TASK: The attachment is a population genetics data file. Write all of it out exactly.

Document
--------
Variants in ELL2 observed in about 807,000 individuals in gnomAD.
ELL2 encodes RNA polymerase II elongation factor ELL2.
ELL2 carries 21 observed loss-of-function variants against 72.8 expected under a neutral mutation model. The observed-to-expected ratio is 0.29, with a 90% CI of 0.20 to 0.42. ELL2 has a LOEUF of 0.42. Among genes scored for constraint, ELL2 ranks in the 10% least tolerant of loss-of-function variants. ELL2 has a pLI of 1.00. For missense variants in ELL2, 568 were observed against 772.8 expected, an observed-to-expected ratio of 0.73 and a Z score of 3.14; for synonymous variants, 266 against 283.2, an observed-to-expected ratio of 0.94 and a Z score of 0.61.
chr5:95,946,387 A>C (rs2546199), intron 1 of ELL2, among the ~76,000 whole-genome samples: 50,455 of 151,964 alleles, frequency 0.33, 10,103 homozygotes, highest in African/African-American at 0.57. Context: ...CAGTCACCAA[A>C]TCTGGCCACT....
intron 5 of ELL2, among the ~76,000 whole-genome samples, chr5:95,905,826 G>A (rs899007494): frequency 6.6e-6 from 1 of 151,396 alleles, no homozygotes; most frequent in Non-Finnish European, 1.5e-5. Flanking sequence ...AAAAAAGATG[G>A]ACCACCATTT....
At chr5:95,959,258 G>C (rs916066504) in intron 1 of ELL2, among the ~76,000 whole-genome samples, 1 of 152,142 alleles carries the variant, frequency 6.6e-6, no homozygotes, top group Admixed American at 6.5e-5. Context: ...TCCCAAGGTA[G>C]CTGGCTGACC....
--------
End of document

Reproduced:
Variants in ELL2 observed in about 807,000 individuals in gnomAD.
ELL2 encodes RNA polymerase II elongation factor ELL2.
ELL2 carries 21 observed loss-of-function variants against 72.8 expected under a neutral mutation model. The observed-to-expected ratio is 0.29, with a 90% CI of 0.20 to 0.42. ELL2 has a LOEUF of 0.42. Among genes scored for constraint, ELL2 ranks in the 10% least tolerant of loss-of-function variants. ELL2 has a pLI of 1.00. For missense variants in ELL2, 568 were observed against 772.8 expected, an observed-to-expected ratio of 0.73 and a Z score of 3.14; for synonymous variants, 266 against 283.2, an observed-to-expected ratio of 0.94 and a Z score of 0.61.
chr5:95,946,387 A>C (rs2546199), intron 1 of ELL2, among the ~76,000 whole-genome samples: 50,455 of 151,964 alleles, frequency 0.33, 10,103 homozygotes, highest in African/African-American at 0.57. Context: ...CAGTCACCAA[A>C]TCTGGCCACT....
intron 5 of ELL2, among the ~76,000 whole-genome samples, chr5:95,905,826 G>A (rs899007494): frequency 6.6e-6 from 1 of 151,396 alleles, no homozygotes; most frequent in Non-Finnish European, 1.5e-5. Flanking sequence ...AAAAAAGATG[G>A]ACCACCATTT....
At chr5:95,959,258 G>C (rs916066504) in intron 1 of ELL2, among the ~76,000 whole-genome samples, 1 of 152,142 alleles carries the variant, frequency 6.6e-6, no homozygotes, top group Admixed American at 6.5e-5. Context: ...TCCCAAGGTA[G>C]CTGGCTGACC....